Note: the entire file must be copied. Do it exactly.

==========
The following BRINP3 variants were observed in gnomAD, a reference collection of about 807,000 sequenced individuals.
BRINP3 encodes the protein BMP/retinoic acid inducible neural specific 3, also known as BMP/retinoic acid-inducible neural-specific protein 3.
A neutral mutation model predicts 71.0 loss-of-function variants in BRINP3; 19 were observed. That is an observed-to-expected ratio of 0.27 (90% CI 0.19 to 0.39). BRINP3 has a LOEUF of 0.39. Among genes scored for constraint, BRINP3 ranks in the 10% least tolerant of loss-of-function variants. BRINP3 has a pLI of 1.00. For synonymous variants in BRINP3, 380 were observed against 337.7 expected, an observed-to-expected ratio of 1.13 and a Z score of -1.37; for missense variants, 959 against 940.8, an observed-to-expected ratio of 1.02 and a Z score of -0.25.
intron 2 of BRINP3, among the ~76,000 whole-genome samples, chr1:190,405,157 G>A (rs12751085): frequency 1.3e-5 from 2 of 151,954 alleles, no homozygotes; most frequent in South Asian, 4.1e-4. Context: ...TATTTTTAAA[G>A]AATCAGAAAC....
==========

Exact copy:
The following BRINP3 variants were observed in gnomAD, a reference collection of about 807,000 sequenced individuals.
BRINP3 encodes the protein BMP/retinoic acid inducible neural specific 3, also known as BMP/retinoic acid-inducible neural-specific protein 3.
A neutral mutation model predicts 71.0 loss-of-function variants in BRINP3; 19 were observed. That is an observed-to-expected ratio of 0.27 (90% CI 0.19 to 0.39). BRINP3 has a LOEUF of 0.39. Among genes scored for constraint, BRINP3 ranks in the 10% least tolerant of loss-of-function variants. BRINP3 has a pLI of 1.00. For synonymous variants in BRINP3, 380 were observed against 337.7 expected, an observed-to-expected ratio of 1.13 and a Z score of -1.37; for missense variants, 959 against 940.8, an observed-to-expected ratio of 1.02 and a Z score of -0.25.
intron 2 of BRINP3, among the ~76,000 whole-genome samples, chr1:190,405,157 G>A (rs12751085): frequency 1.3e-5 from 2 of 151,954 alleles, no homozygotes; most frequent in South Asian, 4.1e-4. Context: ...TATTTTTAAA[G>A]AATCAGAAAC....